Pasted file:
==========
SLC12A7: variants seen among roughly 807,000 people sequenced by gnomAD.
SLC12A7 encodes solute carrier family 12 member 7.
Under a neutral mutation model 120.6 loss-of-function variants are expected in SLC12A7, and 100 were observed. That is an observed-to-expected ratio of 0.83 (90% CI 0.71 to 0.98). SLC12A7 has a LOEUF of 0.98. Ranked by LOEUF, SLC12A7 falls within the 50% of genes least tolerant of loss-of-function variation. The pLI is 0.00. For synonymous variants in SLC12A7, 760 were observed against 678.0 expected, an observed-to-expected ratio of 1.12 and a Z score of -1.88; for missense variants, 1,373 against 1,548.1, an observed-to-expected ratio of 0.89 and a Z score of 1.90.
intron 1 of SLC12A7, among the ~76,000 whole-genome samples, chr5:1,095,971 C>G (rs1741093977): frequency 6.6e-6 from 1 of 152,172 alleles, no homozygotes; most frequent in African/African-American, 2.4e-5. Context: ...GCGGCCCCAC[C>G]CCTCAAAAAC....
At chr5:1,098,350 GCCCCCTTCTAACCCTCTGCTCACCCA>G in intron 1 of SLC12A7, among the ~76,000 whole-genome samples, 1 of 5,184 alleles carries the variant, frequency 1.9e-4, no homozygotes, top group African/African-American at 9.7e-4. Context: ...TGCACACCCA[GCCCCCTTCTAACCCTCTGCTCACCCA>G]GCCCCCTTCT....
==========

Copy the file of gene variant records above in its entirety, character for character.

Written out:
SLC12A7: variants seen among roughly 807,000 people sequenced by gnomAD.
SLC12A7 encodes solute carrier family 12 member 7.
Under a neutral mutation model 120.6 loss-of-function variants are expected in SLC12A7, and 100 were observed. That is an observed-to-expected ratio of 0.83 (90% CI 0.71 to 0.98). SLC12A7 has a LOEUF of 0.98. Ranked by LOEUF, SLC12A7 falls within the 50% of genes least tolerant of loss-of-function variation. The pLI is 0.00. For synonymous variants in SLC12A7, 760 were observed against 678.0 expected, an observed-to-expected ratio of 1.12 and a Z score of -1.88; for missense variants, 1,373 against 1,548.1, an observed-to-expected ratio of 0.89 and a Z score of 1.90.
intron 1 of SLC12A7, among the ~76,000 whole-genome samples, chr5:1,095,971 C>G (rs1741093977): frequency 6.6e-6 from 1 of 152,172 alleles, no homozygotes; most frequent in African/African-American, 2.4e-5. Context: ...GCGGCCCCAC[C>G]CCTCAAAAAC....
At chr5:1,098,350 GCCCCCTTCTAACCCTCTGCTCACCCA>G in intron 1 of SLC12A7, among the ~76,000 whole-genome samples, 1 of 5,184 alleles carries the variant, frequency 1.9e-4, no homozygotes, top group African/African-American at 9.7e-4. Context: ...TGCACACCCA[GCCCCCTTCTAACCCTCTGCTCACCCA>G]GCCCCCTTCT....